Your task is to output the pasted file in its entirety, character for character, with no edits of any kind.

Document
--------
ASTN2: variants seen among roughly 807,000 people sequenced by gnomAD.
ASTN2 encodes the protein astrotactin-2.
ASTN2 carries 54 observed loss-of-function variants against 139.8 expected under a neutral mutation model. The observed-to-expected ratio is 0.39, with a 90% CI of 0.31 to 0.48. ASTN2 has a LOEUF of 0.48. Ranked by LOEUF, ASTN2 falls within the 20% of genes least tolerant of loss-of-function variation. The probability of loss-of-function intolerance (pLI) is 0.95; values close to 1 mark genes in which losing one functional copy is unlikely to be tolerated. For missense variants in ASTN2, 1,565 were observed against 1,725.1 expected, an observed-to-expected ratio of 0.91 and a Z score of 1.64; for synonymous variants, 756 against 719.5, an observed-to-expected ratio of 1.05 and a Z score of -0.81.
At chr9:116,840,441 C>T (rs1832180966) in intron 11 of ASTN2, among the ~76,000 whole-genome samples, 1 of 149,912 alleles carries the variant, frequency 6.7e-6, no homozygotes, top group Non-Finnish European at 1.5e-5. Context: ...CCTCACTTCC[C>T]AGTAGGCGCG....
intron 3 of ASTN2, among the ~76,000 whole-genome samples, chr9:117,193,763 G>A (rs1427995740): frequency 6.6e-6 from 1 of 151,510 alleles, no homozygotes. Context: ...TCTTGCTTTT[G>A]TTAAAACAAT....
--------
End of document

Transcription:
ASTN2: variants seen among roughly 807,000 people sequenced by gnomAD.
ASTN2 encodes the protein astrotactin-2.
ASTN2 carries 54 observed loss-of-function variants against 139.8 expected under a neutral mutation model. The observed-to-expected ratio is 0.39, with a 90% CI of 0.31 to 0.48. ASTN2 has a LOEUF of 0.48. Ranked by LOEUF, ASTN2 falls within the 20% of genes least tolerant of loss-of-function variation. The probability of loss-of-function intolerance (pLI) is 0.95; values close to 1 mark genes in which losing one functional copy is unlikely to be tolerated. For missense variants in ASTN2, 1,565 were observed against 1,725.1 expected, an observed-to-expected ratio of 0.91 and a Z score of 1.64; for synonymous variants, 756 against 719.5, an observed-to-expected ratio of 1.05 and a Z score of -0.81.
At chr9:116,840,441 C>T (rs1832180966) in intron 11 of ASTN2, among the ~76,000 whole-genome samples, 1 of 149,912 alleles carries the variant, frequency 6.7e-6, no homozygotes, top group Non-Finnish European at 1.5e-5. Context: ...CCTCACTTCC[C>T]AGTAGGCGCG....
intron 3 of ASTN2, among the ~76,000 whole-genome samples, chr9:117,193,763 G>A (rs1427995740): frequency 6.6e-6 from 1 of 151,510 alleles, no homozygotes. Context: ...TCTTGCTTTT[G>A]TTAAAACAAT....